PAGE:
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KABUL, 21 July (IRIN) - Female civic educators have been dispatched to provincial areas of Afghanistan to promote awareness of the forthcoming parliamentary elections among women, officials at the Ministry of Women's Affairs (MoWA) announced on Thursday in the capital, Kabul.
According to MoWA, the 10-day programme, which began last week, involves 63 women meeting village leaders and approaching the local media, mosques, NGOs and schools to help with the information campaign.
"We have to use all possible means to deliver election information to women in rural areas where the majority of women are illiterate," Nafisa Kohistani a MoWA public information officer said. Cultural sensitivities and discrimination against women are likely to discourage female involvement in the historic poll slated for 18 September, observers say.
"The teams will also encourage and identify women who will voluntarily help election staff on voting day," Kohistani said, adding that every team consists of three female educators and aims to target at least 1,000 women per province.
"Then, these targeted women will further convey the election messages to fellow women in their communities," she said.
The voter education project is costing US $ 10,000 and is funded by the government of the Netherlands.
Up to 6,000 Afghans have registered to stand in the legislature and provincial council elections. According to the Joint Electoral Management Body (JEMB) of the 2,915 people who have registered to stand for the 249 seat general assembly, 347 are women. Afghan electoral law requires that at least 68 seats in the general assembly be reserved for women.
Despite their second-class status in much of Afghanistan, women appear committed to the country's democratic process. More than 40 percent of the eight million who voted in last October's presidential election were women.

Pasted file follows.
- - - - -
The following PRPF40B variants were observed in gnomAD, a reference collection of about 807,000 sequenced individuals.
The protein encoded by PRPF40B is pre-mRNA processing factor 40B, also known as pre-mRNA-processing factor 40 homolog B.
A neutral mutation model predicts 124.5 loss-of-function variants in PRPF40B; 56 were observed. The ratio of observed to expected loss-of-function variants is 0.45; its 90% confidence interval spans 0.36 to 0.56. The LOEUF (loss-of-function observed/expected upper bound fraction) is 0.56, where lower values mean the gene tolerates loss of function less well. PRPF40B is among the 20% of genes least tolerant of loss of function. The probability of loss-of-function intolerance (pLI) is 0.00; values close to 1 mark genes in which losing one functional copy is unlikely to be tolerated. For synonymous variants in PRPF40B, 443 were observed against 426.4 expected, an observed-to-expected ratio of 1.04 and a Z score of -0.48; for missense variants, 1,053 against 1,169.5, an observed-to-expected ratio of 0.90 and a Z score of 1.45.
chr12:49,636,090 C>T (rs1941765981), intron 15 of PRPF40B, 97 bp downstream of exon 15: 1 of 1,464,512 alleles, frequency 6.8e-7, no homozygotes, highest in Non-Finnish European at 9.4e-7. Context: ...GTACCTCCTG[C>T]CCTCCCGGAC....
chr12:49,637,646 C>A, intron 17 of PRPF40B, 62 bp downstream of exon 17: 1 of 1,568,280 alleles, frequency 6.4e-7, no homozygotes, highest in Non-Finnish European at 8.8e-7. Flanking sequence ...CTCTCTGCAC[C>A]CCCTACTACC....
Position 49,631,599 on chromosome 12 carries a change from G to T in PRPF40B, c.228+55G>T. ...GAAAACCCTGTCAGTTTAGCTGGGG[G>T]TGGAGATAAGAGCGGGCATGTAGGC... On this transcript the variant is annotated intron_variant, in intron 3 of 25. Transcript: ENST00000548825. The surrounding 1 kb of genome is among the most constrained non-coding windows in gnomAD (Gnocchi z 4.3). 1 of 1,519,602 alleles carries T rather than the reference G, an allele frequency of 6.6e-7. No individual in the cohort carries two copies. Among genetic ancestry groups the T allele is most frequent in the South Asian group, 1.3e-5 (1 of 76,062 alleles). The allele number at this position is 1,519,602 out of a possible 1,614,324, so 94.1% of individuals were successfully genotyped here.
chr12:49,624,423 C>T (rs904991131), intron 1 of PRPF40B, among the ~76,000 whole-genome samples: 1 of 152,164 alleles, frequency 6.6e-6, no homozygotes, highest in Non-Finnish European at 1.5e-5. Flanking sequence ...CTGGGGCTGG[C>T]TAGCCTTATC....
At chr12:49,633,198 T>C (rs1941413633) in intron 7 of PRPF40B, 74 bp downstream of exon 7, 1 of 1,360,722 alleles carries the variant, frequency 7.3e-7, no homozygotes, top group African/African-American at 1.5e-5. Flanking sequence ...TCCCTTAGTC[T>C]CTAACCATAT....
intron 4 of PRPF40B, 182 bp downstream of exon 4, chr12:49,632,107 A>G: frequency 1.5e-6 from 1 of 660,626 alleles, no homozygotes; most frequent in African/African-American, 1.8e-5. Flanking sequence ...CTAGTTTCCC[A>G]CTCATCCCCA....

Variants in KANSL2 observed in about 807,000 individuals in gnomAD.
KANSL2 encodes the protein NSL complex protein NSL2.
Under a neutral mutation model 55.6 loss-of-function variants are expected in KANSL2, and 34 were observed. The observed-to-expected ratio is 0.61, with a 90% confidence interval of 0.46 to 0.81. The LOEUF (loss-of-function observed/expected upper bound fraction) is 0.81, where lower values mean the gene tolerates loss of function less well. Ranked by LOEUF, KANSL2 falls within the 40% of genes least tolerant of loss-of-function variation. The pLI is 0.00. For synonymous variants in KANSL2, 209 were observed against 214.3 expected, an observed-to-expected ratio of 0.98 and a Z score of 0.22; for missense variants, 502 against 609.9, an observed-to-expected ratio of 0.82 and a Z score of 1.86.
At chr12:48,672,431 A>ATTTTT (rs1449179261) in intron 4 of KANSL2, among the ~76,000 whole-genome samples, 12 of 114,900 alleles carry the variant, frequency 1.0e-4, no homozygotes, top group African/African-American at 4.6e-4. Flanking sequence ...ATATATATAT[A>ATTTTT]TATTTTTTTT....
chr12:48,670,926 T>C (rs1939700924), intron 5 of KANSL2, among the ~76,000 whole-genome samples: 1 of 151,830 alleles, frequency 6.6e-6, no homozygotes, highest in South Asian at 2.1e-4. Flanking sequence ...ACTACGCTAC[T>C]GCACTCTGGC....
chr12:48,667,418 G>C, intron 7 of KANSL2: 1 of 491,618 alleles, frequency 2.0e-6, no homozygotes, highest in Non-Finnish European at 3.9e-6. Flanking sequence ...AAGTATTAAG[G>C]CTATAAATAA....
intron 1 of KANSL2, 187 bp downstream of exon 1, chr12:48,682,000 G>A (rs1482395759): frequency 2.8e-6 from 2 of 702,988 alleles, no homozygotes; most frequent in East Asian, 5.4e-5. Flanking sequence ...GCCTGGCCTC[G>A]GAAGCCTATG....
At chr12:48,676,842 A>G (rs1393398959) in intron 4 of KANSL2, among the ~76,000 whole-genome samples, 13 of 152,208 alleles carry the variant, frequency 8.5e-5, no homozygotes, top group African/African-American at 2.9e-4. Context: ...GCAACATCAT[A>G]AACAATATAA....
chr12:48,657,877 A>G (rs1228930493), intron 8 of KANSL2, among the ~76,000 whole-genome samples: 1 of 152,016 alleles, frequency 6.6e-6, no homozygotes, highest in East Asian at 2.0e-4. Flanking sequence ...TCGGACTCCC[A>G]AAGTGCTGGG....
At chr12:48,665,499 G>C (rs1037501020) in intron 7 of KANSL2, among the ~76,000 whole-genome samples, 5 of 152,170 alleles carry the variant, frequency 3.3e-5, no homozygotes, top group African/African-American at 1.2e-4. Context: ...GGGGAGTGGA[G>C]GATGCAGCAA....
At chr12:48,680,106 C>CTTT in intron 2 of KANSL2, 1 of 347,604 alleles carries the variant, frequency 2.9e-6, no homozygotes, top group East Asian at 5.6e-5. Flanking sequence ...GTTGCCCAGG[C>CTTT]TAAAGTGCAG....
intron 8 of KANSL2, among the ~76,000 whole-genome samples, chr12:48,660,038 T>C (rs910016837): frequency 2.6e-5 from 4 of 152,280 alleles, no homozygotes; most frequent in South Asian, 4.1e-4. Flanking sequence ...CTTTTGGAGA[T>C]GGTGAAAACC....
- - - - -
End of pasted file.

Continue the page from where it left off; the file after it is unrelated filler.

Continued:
Even so, it is a huge task to educate the entire Afghan people about the electoral process, its significance and how the whole process works.
"It is more lack of information than security or conservatism. Often women don't know why they should go to the polling stations again after last October's presidential elections," Najiba Maram, a local journalist and deputy director of the Voice of Afghan Women radio station in Kabul, said.
MOWA's initiative follows a massive national civic education campaign run by the JEMB. Since the beginning of May four million posters, seven million pamphlets and one million stickers, carrying information about the general assembly and provincial council elections, have been distributed across the country. The JEMB has also deployed nearly 2,000 civic educators to raise awareness of the elections.
"Of the 13 million eligible voters, our direct outreach activities aim to target 6.9 million voters - over half the electorate," Samantha Aucock, head of the JEMB public outreach programme, said.
Every medium has been utilised to deliver the election message. As might be expected, these include the print media and both private and state radio services. Slightly more novel has been the use of Afghanistan's fledgling state television service and even mobile theatre groups. These have been dispatched to rural areas to stimulate understanding and interest in the election process which is a novel experience for the vast majority of Afghans.
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